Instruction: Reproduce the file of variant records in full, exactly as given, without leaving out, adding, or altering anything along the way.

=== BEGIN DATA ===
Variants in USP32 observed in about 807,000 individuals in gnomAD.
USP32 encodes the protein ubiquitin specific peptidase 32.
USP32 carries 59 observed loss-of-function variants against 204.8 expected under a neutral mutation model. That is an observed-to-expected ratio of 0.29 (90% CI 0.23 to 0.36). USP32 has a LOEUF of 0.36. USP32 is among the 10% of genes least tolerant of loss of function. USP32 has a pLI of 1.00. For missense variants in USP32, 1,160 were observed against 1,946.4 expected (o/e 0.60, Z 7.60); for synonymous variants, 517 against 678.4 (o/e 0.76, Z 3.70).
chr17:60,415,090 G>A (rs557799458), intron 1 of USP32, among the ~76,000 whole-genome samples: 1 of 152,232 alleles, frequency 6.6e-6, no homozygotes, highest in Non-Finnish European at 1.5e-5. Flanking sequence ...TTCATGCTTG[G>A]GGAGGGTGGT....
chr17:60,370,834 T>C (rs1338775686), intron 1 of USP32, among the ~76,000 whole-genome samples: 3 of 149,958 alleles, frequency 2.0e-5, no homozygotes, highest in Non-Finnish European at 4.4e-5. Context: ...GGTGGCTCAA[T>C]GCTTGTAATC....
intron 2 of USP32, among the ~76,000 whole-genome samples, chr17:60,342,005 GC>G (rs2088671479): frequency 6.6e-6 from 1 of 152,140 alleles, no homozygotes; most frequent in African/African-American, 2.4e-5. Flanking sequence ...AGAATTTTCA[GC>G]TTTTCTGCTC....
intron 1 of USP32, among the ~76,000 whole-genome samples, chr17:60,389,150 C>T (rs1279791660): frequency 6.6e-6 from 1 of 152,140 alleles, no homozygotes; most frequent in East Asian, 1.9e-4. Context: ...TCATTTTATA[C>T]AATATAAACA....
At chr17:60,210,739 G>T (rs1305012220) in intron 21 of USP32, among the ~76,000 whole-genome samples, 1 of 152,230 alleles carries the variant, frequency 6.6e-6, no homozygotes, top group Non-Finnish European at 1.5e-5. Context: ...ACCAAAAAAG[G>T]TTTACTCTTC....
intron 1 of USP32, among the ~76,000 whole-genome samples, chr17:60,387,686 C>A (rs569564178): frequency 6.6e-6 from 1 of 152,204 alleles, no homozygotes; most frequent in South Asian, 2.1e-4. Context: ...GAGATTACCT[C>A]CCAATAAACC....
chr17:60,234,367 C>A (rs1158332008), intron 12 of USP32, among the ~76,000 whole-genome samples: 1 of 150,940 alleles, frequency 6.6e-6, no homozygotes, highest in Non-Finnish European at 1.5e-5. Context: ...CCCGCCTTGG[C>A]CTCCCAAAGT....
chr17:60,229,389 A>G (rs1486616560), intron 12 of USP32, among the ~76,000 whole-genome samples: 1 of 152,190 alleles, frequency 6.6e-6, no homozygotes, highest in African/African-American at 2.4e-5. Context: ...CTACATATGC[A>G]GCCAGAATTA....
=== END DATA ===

Variants in USP32 observed in about 807,000 individuals in gnomAD.
USP32 encodes the protein ubiquitin specific peptidase 32.
USP32 carries 59 observed loss-of-function variants against 204.8 expected under a neutral mutation model. That is an observed-to-expected ratio of 0.29 (90% CI 0.23 to 0.36). USP32 has a LOEUF of 0.36. USP32 is among the 10% of genes least tolerant of loss of function. USP32 has a pLI of 1.00. For missense variants in USP32, 1,160 were observed against 1,946.4 expected (o/e 0.60, Z 7.60); for synonymous variants, 517 against 678.4 (o/e 0.76, Z 3.70).
chr17:60,415,090 G>A (rs557799458), intron 1 of USP32, among the ~76,000 whole-genome samples: 1 of 152,232 alleles, frequency 6.6e-6, no homozygotes, highest in Non-Finnish European at 1.5e-5. Flanking sequence ...TTCATGCTTG[G>A]GGAGGGTGGT....
chr17:60,370,834 T>C (rs1338775686), intron 1 of USP32, among the ~76,000 whole-genome samples: 3 of 149,958 alleles, frequency 2.0e-5, no homozygotes, highest in Non-Finnish European at 4.4e-5. Context: ...GGTGGCTCAA[T>C]GCTTGTAATC....
intron 2 of USP32, among the ~76,000 whole-genome samples, chr17:60,342,005 GC>G (rs2088671479): frequency 6.6e-6 from 1 of 152,140 alleles, no homozygotes; most frequent in African/African-American, 2.4e-5. Flanking sequence ...AGAATTTTCA[GC>G]TTTTCTGCTC....
intron 1 of USP32, among the ~76,000 whole-genome samples, chr17:60,389,150 C>T (rs1279791660): frequency 6.6e-6 from 1 of 152,140 alleles, no homozygotes; most frequent in East Asian, 1.9e-4. Context: ...TCATTTTATA[C>T]AATATAAACA....
At chr17:60,210,739 G>T (rs1305012220) in intron 21 of USP32, among the ~76,000 whole-genome samples, 1 of 152,230 alleles carries the variant, frequency 6.6e-6, no homozygotes, top group Non-Finnish European at 1.5e-5. Context: ...ACCAAAAAAG[G>T]TTTACTCTTC....
intron 1 of USP32, among the ~76,000 whole-genome samples, chr17:60,387,686 C>A (rs569564178): frequency 6.6e-6 from 1 of 152,204 alleles, no homozygotes; most frequent in South Asian, 2.1e-4. Context: ...GAGATTACCT[C>A]CCAATAAACC....
chr17:60,234,367 C>A (rs1158332008), intron 12 of USP32, among the ~76,000 whole-genome samples: 1 of 150,940 alleles, frequency 6.6e-6, no homozygotes, highest in Non-Finnish European at 1.5e-5. Context: ...CCCGCCTTGG[C>A]CTCCCAAAGT....
chr17:60,229,389 A>G (rs1486616560), intron 12 of USP32, among the ~76,000 whole-genome samples: 1 of 152,190 alleles, frequency 6.6e-6, no homozygotes, highest in African/African-American at 2.4e-5. Context: ...CTACATATGC[A>G]GCCAGAATTA....